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Old 04-23-2008, 12:55 PM
 
Location: vagabond
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Default big bang query

is there any way that the big bang could have been produced by fission rather than fusion, and that the fusion that we see nowadays is just the coalescing of the same separated matter?

my knowledge of the energy released in fission is very limited, but i am curious nonetheless.
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Old 04-24-2008, 06:48 AM
 
Location: oregon
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hmmmmm how to explain this,,, well to be brief no, if it had there would not be so many different elements, and while all elements can react to fusion not all can react to fission. Don't know how much that helps, but I simply cant explain further without going into what fission is and most probaly confusing us both
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Old 04-24-2008, 06:09 PM
 
Location: vagabond
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i have a pretty good understanding of fission. i was just wondering if it were possible on any level. fusion still makes more sense to me, but i wanted to explore the idea.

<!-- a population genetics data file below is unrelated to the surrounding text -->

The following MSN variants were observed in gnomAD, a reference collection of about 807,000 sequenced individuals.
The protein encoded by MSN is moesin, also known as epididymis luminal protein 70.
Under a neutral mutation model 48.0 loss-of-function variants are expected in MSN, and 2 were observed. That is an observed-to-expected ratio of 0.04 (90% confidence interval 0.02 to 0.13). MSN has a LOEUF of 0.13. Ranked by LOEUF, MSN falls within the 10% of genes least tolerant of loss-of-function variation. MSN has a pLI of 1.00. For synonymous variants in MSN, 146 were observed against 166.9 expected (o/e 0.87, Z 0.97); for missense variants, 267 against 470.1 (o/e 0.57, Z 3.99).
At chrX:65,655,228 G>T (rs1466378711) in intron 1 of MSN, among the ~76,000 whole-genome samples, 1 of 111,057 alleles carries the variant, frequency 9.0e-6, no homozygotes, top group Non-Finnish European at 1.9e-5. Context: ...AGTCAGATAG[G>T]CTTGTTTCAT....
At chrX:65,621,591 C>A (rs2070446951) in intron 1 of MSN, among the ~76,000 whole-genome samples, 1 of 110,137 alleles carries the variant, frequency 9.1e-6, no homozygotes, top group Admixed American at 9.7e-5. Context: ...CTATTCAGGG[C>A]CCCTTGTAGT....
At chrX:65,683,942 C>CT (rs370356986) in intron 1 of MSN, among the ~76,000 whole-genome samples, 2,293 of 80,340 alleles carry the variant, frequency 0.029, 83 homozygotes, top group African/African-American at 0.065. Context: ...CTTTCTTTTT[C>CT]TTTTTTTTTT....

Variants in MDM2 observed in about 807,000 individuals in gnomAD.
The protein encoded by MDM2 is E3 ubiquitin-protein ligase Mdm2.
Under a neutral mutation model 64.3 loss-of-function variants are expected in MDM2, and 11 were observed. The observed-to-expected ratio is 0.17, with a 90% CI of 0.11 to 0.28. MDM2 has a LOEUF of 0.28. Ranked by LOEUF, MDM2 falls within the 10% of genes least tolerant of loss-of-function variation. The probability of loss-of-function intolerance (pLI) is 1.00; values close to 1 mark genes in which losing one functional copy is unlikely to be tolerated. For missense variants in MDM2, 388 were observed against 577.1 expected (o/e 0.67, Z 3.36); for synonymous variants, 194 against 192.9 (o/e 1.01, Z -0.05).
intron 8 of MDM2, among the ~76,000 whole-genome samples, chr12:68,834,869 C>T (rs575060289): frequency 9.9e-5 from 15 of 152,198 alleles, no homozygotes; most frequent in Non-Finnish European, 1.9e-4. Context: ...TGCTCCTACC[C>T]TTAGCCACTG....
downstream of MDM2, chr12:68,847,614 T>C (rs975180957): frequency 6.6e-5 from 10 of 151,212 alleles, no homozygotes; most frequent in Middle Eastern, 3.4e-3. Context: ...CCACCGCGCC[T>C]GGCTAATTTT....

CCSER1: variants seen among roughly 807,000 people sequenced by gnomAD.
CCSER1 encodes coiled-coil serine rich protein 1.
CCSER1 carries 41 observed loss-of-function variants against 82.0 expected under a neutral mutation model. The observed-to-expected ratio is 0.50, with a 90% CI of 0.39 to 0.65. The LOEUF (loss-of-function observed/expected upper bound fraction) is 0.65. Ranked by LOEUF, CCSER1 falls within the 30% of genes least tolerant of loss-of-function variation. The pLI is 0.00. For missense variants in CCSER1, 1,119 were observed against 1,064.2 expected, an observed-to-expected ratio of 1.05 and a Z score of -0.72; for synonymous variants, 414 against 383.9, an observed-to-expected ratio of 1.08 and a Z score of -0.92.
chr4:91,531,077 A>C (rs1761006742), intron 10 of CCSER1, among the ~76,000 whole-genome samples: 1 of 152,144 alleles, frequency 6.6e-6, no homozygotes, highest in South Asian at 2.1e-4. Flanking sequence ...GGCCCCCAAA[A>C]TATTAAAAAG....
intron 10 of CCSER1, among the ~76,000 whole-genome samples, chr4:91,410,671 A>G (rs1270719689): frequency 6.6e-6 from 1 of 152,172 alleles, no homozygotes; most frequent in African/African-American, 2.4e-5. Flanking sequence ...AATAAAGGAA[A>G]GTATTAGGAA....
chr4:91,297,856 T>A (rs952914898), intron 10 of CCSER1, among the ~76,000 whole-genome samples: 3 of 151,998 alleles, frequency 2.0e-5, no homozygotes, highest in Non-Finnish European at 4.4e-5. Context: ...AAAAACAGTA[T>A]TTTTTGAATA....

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Old 04-24-2008, 07:27 PM
 
Location: oregon
245 posts, read 420,577 times
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yaknow, thinking about it I supose it is posible only it wouldn't have been created by fision, but destoyed by it and the matter we see today is simply the universe trying unsuccesfully trying to put itself right
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Old 04-25-2008, 09:45 AM
 
Location: Seattle, WA
270 posts, read 839,011 times
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The Big Bang was caused/fueled by neither fission nor fusion. Entirely different forces and processes involved.

Nucleons themselves didn't form until about 3 minutes after the initial event. Before then the radiation environment was hard enough to photodisintegrate things as mundane as protons and neutrons. Once things expanded and cooled, nucleons could survive, and once that started, some of them fused to make heavier elements. Not many of those, though. Trying to build up heavy nuclei just by slamming pairs of them together doesn't work when the mass 5 nucleus disintegrates as fast as it can figure out what it is and the mass 8 nucleus is also unstable and disintegrates back to two alpha particles. And, the whole thing cooling and expanding, and very quickly nothing has the energy to overcome the electrostatic repulsive forces deeply enough for the strong force to take over and bind nuclei together. So you end up with mostly hydrogen, nearly all the rest helium, a trace of lithium, and an even smaller trace of beryllium.
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